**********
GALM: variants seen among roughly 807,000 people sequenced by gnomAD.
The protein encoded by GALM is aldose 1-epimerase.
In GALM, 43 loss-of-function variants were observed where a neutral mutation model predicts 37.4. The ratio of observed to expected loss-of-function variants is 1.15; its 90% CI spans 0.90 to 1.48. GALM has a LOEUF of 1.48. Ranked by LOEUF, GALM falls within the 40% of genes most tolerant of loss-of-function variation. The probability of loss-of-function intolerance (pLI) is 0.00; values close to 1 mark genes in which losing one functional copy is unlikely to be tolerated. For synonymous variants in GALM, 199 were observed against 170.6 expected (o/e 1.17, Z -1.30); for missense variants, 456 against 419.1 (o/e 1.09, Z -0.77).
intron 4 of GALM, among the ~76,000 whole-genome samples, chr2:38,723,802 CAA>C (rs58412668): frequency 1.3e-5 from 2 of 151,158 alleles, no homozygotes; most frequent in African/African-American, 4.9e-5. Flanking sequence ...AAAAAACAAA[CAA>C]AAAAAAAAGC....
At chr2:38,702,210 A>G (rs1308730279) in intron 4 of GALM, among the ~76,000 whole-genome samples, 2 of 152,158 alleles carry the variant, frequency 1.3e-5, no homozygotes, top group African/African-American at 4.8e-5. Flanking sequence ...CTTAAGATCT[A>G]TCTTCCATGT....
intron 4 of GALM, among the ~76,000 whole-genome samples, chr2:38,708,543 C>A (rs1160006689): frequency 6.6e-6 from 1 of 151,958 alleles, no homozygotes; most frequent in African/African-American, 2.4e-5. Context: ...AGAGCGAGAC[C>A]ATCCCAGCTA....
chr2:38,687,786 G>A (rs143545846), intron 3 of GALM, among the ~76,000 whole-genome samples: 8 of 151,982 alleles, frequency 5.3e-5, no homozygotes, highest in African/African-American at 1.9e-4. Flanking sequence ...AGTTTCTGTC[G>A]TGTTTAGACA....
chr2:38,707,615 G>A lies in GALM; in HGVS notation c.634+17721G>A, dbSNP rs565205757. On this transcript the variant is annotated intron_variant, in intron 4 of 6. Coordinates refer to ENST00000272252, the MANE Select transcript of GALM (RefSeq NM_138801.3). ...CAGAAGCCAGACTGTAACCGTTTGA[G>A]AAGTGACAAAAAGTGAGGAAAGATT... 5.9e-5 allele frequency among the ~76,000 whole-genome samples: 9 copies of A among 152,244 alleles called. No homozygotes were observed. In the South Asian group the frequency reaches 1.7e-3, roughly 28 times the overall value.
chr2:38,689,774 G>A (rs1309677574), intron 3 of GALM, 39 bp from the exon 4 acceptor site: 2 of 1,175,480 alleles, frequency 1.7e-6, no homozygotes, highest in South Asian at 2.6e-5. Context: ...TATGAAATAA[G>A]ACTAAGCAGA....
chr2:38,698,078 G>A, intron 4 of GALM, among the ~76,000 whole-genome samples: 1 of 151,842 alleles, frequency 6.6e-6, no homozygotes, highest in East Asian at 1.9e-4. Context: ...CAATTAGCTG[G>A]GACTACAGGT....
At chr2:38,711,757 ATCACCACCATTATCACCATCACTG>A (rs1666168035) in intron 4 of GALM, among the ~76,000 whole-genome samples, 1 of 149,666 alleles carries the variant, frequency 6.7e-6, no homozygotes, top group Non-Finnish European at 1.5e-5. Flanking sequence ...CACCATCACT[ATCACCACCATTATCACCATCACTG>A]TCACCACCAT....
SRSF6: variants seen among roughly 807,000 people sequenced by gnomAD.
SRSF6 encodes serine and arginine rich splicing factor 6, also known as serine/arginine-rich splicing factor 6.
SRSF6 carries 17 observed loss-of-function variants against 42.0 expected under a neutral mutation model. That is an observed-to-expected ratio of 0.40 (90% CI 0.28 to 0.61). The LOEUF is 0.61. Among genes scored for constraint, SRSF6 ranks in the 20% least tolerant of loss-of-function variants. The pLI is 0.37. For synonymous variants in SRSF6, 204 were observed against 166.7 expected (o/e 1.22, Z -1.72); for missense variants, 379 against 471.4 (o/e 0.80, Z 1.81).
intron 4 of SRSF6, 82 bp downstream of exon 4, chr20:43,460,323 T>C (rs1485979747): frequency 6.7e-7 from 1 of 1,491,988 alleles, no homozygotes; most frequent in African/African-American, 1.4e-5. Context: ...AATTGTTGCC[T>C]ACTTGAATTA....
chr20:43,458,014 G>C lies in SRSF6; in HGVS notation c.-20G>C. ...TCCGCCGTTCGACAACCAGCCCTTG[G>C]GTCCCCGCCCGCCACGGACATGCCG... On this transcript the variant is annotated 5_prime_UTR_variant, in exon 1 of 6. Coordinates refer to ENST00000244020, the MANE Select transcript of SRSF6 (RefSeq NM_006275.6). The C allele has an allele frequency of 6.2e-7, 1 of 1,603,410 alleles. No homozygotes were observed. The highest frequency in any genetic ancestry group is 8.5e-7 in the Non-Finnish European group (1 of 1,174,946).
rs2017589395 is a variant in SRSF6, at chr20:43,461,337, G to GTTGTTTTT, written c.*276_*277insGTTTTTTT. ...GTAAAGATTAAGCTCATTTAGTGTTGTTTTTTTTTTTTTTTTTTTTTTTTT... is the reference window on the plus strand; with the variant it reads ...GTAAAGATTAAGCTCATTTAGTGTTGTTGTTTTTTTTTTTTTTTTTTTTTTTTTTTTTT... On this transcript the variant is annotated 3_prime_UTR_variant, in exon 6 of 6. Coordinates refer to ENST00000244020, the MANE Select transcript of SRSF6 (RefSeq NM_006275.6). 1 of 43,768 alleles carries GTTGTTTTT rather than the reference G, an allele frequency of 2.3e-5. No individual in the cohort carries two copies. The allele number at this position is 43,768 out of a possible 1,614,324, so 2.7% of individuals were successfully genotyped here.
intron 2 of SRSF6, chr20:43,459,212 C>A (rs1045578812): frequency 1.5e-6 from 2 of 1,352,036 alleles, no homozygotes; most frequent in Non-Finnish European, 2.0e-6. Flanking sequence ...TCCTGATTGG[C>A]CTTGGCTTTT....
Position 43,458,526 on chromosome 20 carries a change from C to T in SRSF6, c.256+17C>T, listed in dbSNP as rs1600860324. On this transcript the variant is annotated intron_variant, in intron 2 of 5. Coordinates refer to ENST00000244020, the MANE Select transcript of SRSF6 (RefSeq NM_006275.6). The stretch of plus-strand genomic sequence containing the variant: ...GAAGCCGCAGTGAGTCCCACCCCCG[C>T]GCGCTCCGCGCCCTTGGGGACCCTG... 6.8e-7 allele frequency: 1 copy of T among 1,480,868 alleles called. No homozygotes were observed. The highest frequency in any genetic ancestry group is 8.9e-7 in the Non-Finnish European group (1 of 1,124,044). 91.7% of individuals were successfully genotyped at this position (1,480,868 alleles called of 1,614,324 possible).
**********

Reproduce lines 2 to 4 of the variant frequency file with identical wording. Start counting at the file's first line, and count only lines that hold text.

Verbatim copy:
The protein encoded by GALM is aldose 1-epimerase.
In GALM, 43 loss-of-function variants were observed where a neutral mutation model predicts 37.4. The ratio of observed to expected loss-of-function variants is 1.15; its 90% CI spans 0.90 to 1.48. GALM has a LOEUF of 1.48. Ranked by LOEUF, GALM falls within the 40% of genes most tolerant of loss-of-function variation. The probability of loss-of-function intolerance (pLI) is 0.00; values close to 1 mark genes in which losing one functional copy is unlikely to be tolerated. For synonymous variants in GALM, 199 were observed against 170.6 expected (o/e 1.17, Z -1.30); for missense variants, 456 against 419.1 (o/e 1.09, Z -0.77).
intron 4 of GALM, among the ~76,000 whole-genome samples, chr2:38,723,802 CAA>C (rs58412668): frequency 1.3e-5 from 2 of 151,158 alleles, no homozygotes; most frequent in African/African-American, 4.9e-5. Flanking sequence ...AAAAAACAAA[CAA>C]AAAAAAAAGC....